Today, we understand more about the evolution of society than Darwin did. Nevertheless, the field of social evolution continues to develop rapidly and there are still many unresolved problems and many contentious areas. There is an ongoing debate as to whether social systems should be regarded as superorganisms with adaptive characteristics of their own or whether they are best interpreted as byproducts of the adaptive strategies of individuals (Okasha 2006; Wilson & Wilson 2007). There is still disagreement about the distinction between kin selection and group selection as well as about the relative importance of selection operating at different levels (West et al. 2007, 2008; Wilson & Wilson 2007) and the relative importance of mutualism, reciprocity and coercion in maintaining cooperative behaviour is contentious (Clutton-Brock 2002, in press; West et al. in press). Evolutionary explanations of sex differences have recently been the target of criticism (Gowaty 2004; Tang-Martinez & Ryder 2005) and some would even like to see the theory of sexual selection abandoned altogether (Roughgarden et al. 2006; Roughgarden 2009). Contrasting models of variation in reproductive skew and the proximate mechanisms responsible for reproductive suppression in cooperative societies are still widely debated (Vehrencamp 1983a,b; Reeve & Keller 1995; Clutton-Brock 1998; Clutton-Brock et al. 2001b; Creel & Creel 2001; Magrath et al. 2004). Finally, there is little agreement over the origins of human society; the sequence in which human characteristics developed or the relevance of studies of animal societies to understanding those of humans (Rodseth et al. 1991; Wrangham et al. 1999; Zhou et al. 2004; Hrdy 2009).
This issue of Philosophical Transactions brings together papers presented at a Discussion Meeting in January 2009 where 15 scientists were invited to review important issues relevant to our understanding of the evolution of society in animals and man. Our aim was to explore similarities and contrasts in evolutionary mechanisms in different groups of organisms and the relevance of studies of animal societies to humans. In the opening chapter, Grafen examines the current status of inclusive fitness theory, while Queller compares the cooperative interactions between different types of units to identify the level at which selection and adaptation occur. West explores the evolution of cooperative and cheating strategies in bacteria and suggests that an understanding of these processes may provide novel ways of controlling populations. Social insects provide many examples of the most highly developed and best studied animal societies and four subsequent chapters explore the origins of eusociality (Boomsma), the distribution of reproductive success and cooperative behaviour within groups (Field & Cant), the evolutionary mechanisms maintaining extreme altruism and reproductive inequality (Ratnieks & Helanterä) and the genetic mechanisms controlling behaviour on which selection operates (Keller). The four subsequent chapters examine the less specialized societies of non-human vertebrates. Hatchwell reviews the distribution of cooperative breeding in birds, while Clutton-Brock reviews our understanding of mammalian societies and their consequences for the evolution of life histories. Silk subsequently investigates the extent of nepotism in primates, while Hauser assesses the importance of reciprocity and spite in relationships between non-relatives. The last four chapters examine the evolution of human societies. Foley & Gamble review our current understanding of the societies of hominids and early humans; Boyd & Richerson explore the role of cultural adaptation and gene-culture coevolution in the development of pro-sociality in humans; Kaplan assesses the importance of ecological benefits and energetic constraints on the evolution of human societies; and Dasgupta explores the role of trust in the development and maintenance of cooperation between economic units. By the end of the meeting, there was a general consensus that the integration of different approaches to investigating the evolution of society and of studies of contrasting organisms was overdue and should be an important component of future research. Our hope is that this issue will contribute to this process.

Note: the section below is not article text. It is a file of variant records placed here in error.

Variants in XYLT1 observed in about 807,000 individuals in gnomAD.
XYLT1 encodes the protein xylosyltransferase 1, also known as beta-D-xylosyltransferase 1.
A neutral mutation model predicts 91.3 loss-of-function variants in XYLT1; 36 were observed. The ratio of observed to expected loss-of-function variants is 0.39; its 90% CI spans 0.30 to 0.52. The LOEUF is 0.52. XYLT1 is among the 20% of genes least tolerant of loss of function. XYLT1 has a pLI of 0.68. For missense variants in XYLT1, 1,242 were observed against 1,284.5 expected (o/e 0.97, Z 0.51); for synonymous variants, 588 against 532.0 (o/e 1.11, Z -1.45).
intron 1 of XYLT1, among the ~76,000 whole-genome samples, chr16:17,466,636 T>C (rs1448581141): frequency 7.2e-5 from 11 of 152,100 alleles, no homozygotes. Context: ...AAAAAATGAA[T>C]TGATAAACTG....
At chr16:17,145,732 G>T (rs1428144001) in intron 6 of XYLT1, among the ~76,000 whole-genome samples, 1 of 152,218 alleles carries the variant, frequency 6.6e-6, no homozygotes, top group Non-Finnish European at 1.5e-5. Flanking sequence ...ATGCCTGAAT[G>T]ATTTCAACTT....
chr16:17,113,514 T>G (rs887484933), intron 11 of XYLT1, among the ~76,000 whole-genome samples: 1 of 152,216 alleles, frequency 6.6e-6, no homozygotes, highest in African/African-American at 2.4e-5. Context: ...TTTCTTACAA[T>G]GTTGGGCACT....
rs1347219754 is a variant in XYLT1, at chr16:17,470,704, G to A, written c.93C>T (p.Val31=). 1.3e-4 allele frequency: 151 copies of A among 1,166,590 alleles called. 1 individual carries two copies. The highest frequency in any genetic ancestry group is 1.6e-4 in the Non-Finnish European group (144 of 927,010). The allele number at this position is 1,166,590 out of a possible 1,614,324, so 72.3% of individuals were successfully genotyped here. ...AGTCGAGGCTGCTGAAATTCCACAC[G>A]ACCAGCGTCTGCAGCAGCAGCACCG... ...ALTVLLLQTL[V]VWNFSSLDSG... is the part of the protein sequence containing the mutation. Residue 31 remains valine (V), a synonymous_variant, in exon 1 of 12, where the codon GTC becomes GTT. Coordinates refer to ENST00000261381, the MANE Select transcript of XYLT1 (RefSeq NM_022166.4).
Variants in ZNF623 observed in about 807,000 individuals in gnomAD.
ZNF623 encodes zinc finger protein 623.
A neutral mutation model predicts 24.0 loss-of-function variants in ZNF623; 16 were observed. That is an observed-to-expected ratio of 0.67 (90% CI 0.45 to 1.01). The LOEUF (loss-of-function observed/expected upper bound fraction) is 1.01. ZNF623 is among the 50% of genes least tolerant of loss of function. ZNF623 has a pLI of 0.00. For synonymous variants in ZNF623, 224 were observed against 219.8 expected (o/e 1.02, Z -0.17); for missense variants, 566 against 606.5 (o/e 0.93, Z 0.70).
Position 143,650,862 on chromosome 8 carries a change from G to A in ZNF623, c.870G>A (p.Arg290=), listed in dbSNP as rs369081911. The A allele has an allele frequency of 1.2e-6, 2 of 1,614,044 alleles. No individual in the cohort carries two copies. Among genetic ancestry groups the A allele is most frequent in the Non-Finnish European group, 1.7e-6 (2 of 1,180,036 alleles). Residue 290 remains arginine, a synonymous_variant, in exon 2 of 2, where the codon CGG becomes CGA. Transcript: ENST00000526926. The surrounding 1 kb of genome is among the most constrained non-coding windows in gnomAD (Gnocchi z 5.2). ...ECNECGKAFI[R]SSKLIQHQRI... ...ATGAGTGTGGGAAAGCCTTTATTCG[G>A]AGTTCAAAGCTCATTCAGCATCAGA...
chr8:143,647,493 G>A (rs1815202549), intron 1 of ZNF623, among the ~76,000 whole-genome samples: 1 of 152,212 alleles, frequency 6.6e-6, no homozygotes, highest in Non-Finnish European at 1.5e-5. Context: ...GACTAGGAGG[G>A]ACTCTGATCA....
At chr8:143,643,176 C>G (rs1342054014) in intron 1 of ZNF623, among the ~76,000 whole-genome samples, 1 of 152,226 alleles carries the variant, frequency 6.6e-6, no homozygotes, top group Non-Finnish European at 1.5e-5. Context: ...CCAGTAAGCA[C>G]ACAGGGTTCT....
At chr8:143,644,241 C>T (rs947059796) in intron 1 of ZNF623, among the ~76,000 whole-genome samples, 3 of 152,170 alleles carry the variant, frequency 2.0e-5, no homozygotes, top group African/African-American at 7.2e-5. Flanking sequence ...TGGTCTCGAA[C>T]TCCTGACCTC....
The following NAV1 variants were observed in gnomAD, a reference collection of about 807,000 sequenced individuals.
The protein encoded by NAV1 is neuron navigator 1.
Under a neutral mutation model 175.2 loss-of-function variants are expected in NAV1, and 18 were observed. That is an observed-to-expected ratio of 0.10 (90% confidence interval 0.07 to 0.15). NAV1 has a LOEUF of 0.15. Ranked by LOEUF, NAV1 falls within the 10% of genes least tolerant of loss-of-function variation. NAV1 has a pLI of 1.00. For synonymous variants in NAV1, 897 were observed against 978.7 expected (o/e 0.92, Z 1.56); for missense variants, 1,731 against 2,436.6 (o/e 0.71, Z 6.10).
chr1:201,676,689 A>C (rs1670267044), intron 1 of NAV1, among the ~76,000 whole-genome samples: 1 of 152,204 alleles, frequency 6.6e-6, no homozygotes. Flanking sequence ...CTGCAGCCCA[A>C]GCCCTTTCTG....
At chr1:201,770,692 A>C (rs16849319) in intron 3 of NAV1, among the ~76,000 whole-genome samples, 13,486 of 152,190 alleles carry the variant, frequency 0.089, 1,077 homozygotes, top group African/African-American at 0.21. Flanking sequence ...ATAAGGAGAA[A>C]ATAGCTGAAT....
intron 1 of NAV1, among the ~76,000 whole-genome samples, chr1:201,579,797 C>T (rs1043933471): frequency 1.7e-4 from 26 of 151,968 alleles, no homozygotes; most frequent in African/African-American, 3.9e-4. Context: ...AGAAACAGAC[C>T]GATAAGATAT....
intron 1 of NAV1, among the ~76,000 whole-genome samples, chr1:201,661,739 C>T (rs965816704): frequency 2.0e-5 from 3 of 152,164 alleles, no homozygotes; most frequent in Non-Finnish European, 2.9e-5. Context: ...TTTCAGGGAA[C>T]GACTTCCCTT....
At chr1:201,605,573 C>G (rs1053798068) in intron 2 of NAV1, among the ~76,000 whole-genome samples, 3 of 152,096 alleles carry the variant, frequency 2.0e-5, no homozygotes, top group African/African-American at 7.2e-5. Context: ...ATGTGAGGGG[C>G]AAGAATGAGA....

One contribution of 16 to a Discussion Meeting Issue ‘The evolution of society’.